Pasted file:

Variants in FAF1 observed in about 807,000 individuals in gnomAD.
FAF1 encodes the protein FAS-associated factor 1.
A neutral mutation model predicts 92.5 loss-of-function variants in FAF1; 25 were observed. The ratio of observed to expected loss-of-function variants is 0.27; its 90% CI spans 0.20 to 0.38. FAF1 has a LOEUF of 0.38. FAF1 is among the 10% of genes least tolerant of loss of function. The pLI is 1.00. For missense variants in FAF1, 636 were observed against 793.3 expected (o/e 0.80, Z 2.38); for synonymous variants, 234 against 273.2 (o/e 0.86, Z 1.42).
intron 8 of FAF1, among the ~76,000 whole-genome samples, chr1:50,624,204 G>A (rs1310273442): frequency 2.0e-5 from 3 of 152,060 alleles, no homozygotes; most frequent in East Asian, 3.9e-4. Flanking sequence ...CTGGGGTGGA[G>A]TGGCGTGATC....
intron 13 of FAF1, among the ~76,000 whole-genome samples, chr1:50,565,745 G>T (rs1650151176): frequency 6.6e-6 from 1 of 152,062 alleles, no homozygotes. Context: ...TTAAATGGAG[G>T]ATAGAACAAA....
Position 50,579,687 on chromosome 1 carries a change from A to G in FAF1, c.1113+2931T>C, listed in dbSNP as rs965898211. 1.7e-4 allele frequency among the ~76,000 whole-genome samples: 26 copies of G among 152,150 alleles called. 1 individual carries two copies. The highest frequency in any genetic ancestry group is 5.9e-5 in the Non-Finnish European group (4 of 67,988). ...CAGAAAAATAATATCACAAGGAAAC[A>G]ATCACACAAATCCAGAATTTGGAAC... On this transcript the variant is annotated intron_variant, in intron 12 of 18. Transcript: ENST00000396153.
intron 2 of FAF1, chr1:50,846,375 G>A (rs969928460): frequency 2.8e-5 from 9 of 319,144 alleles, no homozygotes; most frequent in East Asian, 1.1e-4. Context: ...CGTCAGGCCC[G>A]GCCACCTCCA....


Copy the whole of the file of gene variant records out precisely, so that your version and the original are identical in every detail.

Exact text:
Variants in FAF1 observed in about 807,000 individuals in gnomAD.
FAF1 encodes the protein FAS-associated factor 1.
A neutral mutation model predicts 92.5 loss-of-function variants in FAF1; 25 were observed. The ratio of observed to expected loss-of-function variants is 0.27; its 90% CI spans 0.20 to 0.38. FAF1 has a LOEUF of 0.38. FAF1 is among the 10% of genes least tolerant of loss of function. The pLI is 1.00. For missense variants in FAF1, 636 were observed against 793.3 expected (o/e 0.80, Z 2.38); for synonymous variants, 234 against 273.2 (o/e 0.86, Z 1.42).
intron 8 of FAF1, among the ~76,000 whole-genome samples, chr1:50,624,204 G>A (rs1310273442): frequency 2.0e-5 from 3 of 152,060 alleles, no homozygotes; most frequent in East Asian, 3.9e-4. Flanking sequence ...CTGGGGTGGA[G>A]TGGCGTGATC....
intron 13 of FAF1, among the ~76,000 whole-genome samples, chr1:50,565,745 G>T (rs1650151176): frequency 6.6e-6 from 1 of 152,062 alleles, no homozygotes. Context: ...TTAAATGGAG[G>T]ATAGAACAAA....
Position 50,579,687 on chromosome 1 carries a change from A to G in FAF1, c.1113+2931T>C, listed in dbSNP as rs965898211. 1.7e-4 allele frequency among the ~76,000 whole-genome samples: 26 copies of G among 152,150 alleles called. 1 individual carries two copies. The highest frequency in any genetic ancestry group is 5.9e-5 in the Non-Finnish European group (4 of 67,988). ...CAGAAAAATAATATCACAAGGAAAC[A>G]ATCACACAAATCCAGAATTTGGAAC... On this transcript the variant is annotated intron_variant, in intron 12 of 18. Transcript: ENST00000396153.
intron 2 of FAF1, chr1:50,846,375 G>A (rs969928460): frequency 2.8e-5 from 9 of 319,144 alleles, no homozygotes; most frequent in East Asian, 1.1e-4. Context: ...CGTCAGGCCC[G>A]GCCACCTCCA....